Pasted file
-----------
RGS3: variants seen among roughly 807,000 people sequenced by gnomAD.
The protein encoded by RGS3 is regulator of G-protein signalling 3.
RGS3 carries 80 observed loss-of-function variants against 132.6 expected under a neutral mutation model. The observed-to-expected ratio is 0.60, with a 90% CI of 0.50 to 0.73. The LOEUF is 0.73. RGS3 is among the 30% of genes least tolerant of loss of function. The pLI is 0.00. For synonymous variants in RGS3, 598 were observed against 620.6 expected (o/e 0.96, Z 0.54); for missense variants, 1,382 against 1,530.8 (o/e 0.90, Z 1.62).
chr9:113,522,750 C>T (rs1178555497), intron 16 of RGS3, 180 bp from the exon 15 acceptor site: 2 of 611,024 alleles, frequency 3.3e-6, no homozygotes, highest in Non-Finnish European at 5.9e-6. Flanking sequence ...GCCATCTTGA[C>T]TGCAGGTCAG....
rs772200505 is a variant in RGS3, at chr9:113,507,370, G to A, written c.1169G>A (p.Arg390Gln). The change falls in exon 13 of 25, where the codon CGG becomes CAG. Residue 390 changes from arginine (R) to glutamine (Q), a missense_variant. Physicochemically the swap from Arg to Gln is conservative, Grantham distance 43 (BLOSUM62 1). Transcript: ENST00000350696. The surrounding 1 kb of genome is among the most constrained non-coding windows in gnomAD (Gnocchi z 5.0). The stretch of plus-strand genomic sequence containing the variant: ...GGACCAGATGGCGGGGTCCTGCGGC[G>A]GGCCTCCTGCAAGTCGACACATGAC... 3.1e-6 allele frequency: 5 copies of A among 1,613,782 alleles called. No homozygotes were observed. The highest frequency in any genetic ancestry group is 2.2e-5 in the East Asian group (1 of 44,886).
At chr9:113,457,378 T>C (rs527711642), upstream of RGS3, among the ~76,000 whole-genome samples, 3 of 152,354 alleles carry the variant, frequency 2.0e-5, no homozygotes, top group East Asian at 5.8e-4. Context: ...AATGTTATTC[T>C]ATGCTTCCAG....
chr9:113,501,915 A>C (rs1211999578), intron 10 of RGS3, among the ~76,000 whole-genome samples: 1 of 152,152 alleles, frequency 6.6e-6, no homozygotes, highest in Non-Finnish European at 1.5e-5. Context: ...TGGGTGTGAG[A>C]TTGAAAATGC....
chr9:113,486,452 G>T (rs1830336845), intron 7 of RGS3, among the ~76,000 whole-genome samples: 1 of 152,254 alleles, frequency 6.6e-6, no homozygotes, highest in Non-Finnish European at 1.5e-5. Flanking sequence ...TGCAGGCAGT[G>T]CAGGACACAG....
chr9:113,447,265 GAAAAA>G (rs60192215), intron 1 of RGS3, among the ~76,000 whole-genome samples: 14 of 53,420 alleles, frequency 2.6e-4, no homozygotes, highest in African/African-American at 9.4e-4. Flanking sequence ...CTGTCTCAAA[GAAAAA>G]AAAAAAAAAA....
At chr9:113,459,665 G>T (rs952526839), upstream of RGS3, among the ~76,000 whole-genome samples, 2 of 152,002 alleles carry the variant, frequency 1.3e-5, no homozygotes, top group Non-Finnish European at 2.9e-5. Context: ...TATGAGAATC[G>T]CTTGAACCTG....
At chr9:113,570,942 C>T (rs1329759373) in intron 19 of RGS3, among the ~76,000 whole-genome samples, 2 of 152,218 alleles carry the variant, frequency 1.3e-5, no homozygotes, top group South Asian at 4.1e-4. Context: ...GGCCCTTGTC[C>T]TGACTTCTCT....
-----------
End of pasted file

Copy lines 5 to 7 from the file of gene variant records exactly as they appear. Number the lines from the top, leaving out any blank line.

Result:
rs772200505 is a variant in RGS3, at chr9:113,507,370, G to A, written c.1169G>A (p.Arg390Gln). The change falls in exon 13 of 25, where the codon CGG becomes CAG. Residue 390 changes from arginine (R) to glutamine (Q), a missense_variant. Physicochemically the swap from Arg to Gln is conservative, Grantham distance 43 (BLOSUM62 1). Transcript: ENST00000350696. The surrounding 1 kb of genome is among the most constrained non-coding windows in gnomAD (Gnocchi z 5.0). The stretch of plus-strand genomic sequence containing the variant: ...GGACCAGATGGCGGGGTCCTGCGGC[G>A]GGCCTCCTGCAAGTCGACACATGAC... 3.1e-6 allele frequency: 5 copies of A among 1,613,782 alleles called. No homozygotes were observed. The highest frequency in any genetic ancestry group is 2.2e-5 in the East Asian group (1 of 44,886).
At chr9:113,457,378 T>C (rs527711642), upstream of RGS3, among the ~76,000 whole-genome samples, 3 of 152,354 alleles carry the variant, frequency 2.0e-5, no homozygotes, top group East Asian at 5.8e-4. Context: ...AATGTTATTC[T>C]ATGCTTCCAG....
chr9:113,501,915 A>C (rs1211999578), intron 10 of RGS3, among the ~76,000 whole-genome samples: 1 of 152,152 alleles, frequency 6.6e-6, no homozygotes, highest in Non-Finnish European at 1.5e-5. Context: ...TGGGTGTGAG[A>C]TTGAAAATGC....